Chapter 14 - Surgery & Exercise

The evidence for physical activity and health is well established across many areas which may prevent or affect surgery:1

  • All cause mortality – 30% risk reduction comparing most active with least active
  • Risk reduction of hip fracture is up to 68% at the highest level of activity
  • Lower risk of falls and fractures in elderly patients who regularly participate in physical activity
  • Colon cancer – 30% lower risk in those who are active
  • Breast cancer – 20% lower risk in those who are active
  • Cardiovascular disease – 20-35% lower risk of cardiovascular disease, coronary heart disease and stroke

There is emerging evidence that exercise both pre and post surgery improves surgical outcomes and reduces in patient times in hospital. Surgical patients increasingly have complex medical co-morbidities that may predispose them to post operative complications after surgery, delayed discharge and surgical survival rates.2, 3

It has been shown that poor preoperative physical performance increases the risk of complications after major non cardiac surgery4, 5and prolongs recovery after abdominal surgery.There is also strong evidence that if cardiorespiratory fitness (CRF) is measured preoperatively, it is predictive of complications in the postoperative period in several settings.7-13

The assessment of CRF preoperatively has been shown to offer significant advantage when compared to age alone in predicting mortality after major surgery.14 This same study showed: firstly, CRF to be a significant independent predictor of length of stay in hospital with patients older than 75 and secondly, a low CRF to be associated with a median of 11 days longer in hospital and 2 days longer in critical care.14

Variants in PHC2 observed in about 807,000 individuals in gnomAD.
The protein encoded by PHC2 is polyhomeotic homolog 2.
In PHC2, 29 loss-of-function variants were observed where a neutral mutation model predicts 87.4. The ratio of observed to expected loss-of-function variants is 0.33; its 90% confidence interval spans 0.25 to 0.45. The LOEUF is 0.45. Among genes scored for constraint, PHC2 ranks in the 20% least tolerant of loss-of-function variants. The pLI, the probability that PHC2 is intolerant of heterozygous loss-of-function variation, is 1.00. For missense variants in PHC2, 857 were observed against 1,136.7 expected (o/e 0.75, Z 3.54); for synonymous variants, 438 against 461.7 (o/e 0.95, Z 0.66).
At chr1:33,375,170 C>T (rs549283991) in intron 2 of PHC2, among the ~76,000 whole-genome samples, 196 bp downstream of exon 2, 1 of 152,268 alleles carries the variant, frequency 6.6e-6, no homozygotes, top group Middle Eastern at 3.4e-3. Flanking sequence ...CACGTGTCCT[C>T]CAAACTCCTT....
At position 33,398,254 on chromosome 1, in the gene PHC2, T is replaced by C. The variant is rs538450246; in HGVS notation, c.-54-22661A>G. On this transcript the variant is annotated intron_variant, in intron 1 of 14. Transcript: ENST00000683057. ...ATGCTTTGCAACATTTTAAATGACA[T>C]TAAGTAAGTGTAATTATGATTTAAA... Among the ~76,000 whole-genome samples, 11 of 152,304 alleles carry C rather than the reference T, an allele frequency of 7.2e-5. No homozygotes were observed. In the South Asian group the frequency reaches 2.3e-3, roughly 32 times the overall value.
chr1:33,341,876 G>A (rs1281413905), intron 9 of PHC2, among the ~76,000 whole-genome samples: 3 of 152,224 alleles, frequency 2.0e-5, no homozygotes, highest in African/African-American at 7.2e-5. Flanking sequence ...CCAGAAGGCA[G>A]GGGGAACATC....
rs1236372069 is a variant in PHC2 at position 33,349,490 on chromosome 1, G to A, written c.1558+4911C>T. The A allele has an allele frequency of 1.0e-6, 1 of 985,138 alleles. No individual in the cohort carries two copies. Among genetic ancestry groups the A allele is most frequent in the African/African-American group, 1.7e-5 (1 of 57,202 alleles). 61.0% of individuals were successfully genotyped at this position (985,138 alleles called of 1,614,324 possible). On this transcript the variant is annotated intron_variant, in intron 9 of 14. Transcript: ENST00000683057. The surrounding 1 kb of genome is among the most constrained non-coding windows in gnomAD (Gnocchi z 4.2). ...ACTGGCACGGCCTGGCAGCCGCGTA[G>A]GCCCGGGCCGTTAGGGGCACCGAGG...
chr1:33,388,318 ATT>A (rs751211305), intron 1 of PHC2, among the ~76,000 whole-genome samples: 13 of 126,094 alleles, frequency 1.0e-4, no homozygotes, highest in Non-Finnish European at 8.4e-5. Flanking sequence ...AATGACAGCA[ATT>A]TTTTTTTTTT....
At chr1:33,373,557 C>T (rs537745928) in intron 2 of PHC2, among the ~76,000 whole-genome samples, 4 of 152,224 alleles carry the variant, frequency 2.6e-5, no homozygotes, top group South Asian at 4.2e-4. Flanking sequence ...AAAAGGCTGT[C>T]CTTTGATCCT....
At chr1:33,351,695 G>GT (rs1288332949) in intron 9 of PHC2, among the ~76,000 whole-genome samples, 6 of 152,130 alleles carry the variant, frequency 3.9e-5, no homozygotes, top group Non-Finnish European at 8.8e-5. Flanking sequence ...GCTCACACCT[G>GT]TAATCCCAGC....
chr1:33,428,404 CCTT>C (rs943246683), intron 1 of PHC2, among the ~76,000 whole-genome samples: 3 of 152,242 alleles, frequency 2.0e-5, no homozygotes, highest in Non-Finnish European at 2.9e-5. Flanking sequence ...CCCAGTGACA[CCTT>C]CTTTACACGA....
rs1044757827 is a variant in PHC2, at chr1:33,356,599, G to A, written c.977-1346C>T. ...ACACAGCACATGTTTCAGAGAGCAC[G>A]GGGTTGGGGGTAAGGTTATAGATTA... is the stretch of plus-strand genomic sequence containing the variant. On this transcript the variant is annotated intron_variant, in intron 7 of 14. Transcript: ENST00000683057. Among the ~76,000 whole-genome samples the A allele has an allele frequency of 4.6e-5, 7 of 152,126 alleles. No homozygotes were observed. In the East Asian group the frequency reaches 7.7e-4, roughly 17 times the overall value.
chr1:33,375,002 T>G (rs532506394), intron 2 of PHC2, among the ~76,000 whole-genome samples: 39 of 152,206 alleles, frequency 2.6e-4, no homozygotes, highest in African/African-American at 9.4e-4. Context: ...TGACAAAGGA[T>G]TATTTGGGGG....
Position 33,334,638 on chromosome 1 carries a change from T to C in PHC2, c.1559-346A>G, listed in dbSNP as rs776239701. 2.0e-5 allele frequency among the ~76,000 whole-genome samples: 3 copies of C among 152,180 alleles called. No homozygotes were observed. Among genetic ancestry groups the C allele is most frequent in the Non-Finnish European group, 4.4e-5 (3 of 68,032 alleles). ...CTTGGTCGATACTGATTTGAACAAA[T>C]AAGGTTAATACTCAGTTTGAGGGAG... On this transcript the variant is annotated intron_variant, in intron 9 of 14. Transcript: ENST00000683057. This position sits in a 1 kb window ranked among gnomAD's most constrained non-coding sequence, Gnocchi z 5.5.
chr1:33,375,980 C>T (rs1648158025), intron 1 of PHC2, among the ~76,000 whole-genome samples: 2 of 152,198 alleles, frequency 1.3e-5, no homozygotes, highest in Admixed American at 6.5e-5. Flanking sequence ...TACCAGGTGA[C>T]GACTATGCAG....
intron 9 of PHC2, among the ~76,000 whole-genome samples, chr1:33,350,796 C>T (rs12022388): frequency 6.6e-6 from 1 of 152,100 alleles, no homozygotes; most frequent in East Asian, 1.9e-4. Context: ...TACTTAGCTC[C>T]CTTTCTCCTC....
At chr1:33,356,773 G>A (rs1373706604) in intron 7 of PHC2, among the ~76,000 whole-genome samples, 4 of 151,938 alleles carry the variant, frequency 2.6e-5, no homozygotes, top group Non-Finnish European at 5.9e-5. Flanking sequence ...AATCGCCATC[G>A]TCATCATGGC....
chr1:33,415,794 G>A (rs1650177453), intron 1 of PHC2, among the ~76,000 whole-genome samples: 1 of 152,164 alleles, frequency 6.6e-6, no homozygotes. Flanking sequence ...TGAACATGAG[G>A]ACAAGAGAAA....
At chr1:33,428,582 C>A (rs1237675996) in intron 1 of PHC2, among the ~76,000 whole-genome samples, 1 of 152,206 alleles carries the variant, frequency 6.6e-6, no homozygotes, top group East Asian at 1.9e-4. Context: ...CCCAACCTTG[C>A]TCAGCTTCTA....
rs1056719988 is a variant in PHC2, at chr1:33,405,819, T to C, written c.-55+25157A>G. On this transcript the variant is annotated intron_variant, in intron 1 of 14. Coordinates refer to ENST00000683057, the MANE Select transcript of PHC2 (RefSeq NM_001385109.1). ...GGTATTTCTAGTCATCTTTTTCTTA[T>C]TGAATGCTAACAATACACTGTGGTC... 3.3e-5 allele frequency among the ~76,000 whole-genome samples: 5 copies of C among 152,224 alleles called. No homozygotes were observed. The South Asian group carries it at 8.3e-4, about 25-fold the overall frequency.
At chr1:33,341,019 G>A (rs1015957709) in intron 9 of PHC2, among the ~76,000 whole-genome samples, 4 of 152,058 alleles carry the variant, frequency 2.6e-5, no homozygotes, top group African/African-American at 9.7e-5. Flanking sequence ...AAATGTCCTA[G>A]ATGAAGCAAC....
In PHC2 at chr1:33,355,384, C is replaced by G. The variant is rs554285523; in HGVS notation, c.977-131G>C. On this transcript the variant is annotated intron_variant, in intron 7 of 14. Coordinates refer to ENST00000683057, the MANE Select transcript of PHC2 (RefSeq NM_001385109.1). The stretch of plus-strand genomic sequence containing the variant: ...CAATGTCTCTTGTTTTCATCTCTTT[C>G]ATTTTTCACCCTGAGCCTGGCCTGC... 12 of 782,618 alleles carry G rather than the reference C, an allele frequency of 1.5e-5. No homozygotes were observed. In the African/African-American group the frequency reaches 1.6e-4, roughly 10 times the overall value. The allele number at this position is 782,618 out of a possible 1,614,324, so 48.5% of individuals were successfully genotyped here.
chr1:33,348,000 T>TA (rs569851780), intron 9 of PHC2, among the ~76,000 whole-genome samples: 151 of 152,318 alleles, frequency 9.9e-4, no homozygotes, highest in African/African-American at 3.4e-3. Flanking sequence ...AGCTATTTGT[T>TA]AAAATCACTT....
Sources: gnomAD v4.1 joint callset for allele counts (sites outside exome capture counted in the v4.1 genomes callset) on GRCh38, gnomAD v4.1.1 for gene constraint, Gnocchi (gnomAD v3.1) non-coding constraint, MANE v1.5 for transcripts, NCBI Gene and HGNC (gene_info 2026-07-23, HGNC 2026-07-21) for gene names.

Another study of pre-operative fitness and outcomes after major abdominal surgery also showed that physical fitness was an independent predictor of postoperative recovery in addition to conventional predictors of age and co-morbidities.15 Prediction models for mortality, discharge destination and length of hospital stay were once again all significantly improved by the physical activity and fitness factors.

With the increasing evidence of benefits of better preoperative CRF, it follows that a reasonable intervention for improving surgical outcomes is to introduce exercise training preoperatively.

However in a major review16 of the many studies which have looked at a preoperative training aerobic training intervention, the frequency, duration, intensity of exercise and outcomes have varied considerably. Also the period between a patient being listed and their operation may be very limited, for instance in cancer patients. As a result, evidence for improved postoperative clinical outcomes after preoperative aerobic training interventions is presently limited.16 However, several useful points are already apparent:

  • The largest randomised controlled trial found a reduced hospital and intensive care length of stay in the intervention group.17
  • Preoperative aerobic training improved at least one reported measure of fitness in the majority of studies